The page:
However, when the family had an opportunity to purchase a house and leave apartment living behind, they found themselves located just three miles outside Jenks’ district lines. The family filed an open-transfer request, but were denied.
Had the request been granted, Newman’s son would have been filling the same seat he had occupied within the district for the prior two years.
While some families have used false addresses to maintain a child’s enrollment in a preferred district, Newman told members of the State Board of Education that he and his wife did not want to go down that path and set a bad example for his son.
“We didn’t want to be sneaky,” Newman said. “We just wanted to be real with the school district and let them know that we moved him out and go about this the right way—in turn, showing him how to do things the right way.”
Stacey Butterfield, superintendent of Jenks Public Schools, told officials with the State Board of Education that Jenks does not have capacity to serve Newman either in its alternative center or as a junior in high school.
Butterfield said the school district set its capacity based on enrollment in English classes in the high school.
She admitted anyone who moved into the district would be enrolled in the school, although not necessarily granted access to the alternative center.
And Butterfield acknowledged that the district has seats available elsewhere, including in the same building where Newman’s son would have been served if admitted as an open transfer.
“We are not at capacity of the building,” Butterfield said. “We do have additional space in the building.”
Overall, Jenks enrollment has remained slightly below the student count from the 2019-2020 school year, according to figures from the Oklahoma State Department of Education.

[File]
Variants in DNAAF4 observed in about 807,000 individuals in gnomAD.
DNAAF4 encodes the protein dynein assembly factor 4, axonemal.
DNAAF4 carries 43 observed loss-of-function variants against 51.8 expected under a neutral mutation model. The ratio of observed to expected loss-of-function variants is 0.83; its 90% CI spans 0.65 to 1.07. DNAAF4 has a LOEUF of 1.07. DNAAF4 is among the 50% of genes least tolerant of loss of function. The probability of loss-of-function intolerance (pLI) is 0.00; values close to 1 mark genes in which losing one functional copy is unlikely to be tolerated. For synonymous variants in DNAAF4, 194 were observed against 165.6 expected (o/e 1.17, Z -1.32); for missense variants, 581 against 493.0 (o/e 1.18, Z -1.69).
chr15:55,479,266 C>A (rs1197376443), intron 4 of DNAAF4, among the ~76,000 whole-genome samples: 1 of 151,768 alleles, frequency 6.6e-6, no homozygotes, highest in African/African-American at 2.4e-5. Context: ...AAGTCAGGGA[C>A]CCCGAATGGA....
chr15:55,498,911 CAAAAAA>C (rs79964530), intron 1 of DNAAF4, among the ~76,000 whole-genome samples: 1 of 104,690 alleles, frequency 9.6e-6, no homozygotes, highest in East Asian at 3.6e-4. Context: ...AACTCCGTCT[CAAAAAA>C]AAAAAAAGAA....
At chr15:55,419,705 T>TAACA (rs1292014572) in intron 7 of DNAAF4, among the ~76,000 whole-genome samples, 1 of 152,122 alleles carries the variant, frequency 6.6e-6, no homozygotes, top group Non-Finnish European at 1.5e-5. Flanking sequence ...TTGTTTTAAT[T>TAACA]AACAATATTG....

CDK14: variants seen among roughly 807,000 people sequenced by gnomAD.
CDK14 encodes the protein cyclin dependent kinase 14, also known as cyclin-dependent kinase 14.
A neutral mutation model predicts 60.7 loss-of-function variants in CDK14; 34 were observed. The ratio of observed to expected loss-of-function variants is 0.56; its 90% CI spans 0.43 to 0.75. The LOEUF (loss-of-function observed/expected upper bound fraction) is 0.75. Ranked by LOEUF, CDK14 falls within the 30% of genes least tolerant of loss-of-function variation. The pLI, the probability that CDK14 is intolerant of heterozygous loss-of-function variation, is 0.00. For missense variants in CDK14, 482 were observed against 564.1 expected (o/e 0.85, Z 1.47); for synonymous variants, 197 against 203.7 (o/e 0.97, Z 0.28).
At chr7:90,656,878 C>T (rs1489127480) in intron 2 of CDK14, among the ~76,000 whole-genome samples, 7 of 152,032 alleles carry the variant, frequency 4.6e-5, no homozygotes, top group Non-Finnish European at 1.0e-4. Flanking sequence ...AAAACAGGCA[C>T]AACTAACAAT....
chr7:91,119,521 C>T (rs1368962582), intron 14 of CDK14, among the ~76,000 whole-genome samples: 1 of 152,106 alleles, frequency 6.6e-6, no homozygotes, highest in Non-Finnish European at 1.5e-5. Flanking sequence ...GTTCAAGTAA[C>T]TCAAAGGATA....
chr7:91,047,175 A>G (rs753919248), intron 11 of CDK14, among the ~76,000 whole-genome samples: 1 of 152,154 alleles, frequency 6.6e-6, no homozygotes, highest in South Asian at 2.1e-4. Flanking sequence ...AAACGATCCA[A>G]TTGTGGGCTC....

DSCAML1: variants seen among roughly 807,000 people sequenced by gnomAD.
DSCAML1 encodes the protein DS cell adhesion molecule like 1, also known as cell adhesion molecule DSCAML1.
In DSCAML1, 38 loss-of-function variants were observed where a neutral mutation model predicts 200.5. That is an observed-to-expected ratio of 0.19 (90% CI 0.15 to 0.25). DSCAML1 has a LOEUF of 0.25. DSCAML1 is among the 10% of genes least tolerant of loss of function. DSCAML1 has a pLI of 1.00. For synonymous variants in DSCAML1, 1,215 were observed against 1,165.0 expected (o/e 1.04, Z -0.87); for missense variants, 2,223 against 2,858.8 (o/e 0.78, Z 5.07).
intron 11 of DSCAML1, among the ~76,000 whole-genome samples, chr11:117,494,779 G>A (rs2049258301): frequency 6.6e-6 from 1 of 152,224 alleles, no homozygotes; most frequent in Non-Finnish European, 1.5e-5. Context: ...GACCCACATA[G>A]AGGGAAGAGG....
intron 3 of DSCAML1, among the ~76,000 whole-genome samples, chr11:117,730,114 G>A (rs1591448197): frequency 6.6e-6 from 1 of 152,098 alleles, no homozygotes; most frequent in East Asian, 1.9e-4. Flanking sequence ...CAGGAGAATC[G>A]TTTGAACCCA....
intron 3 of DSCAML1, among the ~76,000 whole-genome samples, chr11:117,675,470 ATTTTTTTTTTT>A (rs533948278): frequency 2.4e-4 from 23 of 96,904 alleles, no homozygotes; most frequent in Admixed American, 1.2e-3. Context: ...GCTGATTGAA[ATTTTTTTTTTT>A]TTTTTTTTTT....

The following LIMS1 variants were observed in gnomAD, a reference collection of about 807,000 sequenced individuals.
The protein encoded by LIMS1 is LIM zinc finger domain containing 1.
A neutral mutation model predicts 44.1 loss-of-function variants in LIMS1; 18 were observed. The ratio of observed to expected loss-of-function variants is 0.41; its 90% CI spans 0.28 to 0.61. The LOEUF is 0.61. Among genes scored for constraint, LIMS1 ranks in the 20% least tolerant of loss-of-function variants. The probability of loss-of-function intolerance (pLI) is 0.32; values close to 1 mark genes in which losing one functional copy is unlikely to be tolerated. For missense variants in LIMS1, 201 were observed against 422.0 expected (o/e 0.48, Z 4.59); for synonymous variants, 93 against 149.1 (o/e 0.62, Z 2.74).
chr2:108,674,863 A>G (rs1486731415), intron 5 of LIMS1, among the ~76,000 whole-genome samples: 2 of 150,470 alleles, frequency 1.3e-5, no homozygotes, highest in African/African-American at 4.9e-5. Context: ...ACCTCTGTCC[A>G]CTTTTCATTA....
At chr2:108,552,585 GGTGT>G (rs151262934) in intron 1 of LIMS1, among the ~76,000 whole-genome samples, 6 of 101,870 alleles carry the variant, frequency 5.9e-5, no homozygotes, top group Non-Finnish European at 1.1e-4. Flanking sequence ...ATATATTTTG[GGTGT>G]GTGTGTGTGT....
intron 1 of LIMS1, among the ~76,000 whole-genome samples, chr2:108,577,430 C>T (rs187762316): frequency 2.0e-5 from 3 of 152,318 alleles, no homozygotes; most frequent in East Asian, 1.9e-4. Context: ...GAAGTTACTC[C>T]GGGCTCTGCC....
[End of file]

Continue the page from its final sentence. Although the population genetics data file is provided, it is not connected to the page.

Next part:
In the 2019-2020 school year, Jenks served 12,527 students. That enrollment figure plunged to 11,979 in the 2020-2021 school year, and rebounded to 12,519 in the 2021-2022 school year, which remains below the 2019 figure. (Current school-year enrollment data for Jenks has not yet been posted by OSDE.)
Butterfield said the district has accepted 125 other open-transfer requests.
“We have a whole list of transfers, and we have a whole list that we’ve approved,” Butterfield said. “And we have some that we have denied based on capacity.”
In several instances, suburban districts have seen enrollment declines in recent years that significantly exceed the number of vacancies they have reported available for transfer students. In some instances, families seeking transfers have found that siblings will be forced into different schools. For example, a district might accept an open-transfer for a third-grade student but not the child’s fourth-grade sibling.
In some instances, parents have reported having to drive across multiple districts to get to a school that will accept their child’s open-transfer request.
Travis Jett, general counsel for the State Board of Education, told board members that the law does not allow them to critique the capacity policies of individual school districts when hearing an open-transfer appeal.
“The Legislature, in crafting law, didn’t give this board the authority to essentially challenge capacity determination,” Jett said.
The State Board of Education voted to uphold Jenks’ denial of Newman’s transfer request, but board members indicated that they felt the situation was unjust to the youth.
Board member Jennifer Monies moved to uphold Jenks’ refusal to serve Newman “with a heavy heart.” Board member Trent Smith echoed that sentiment: “I hate this.”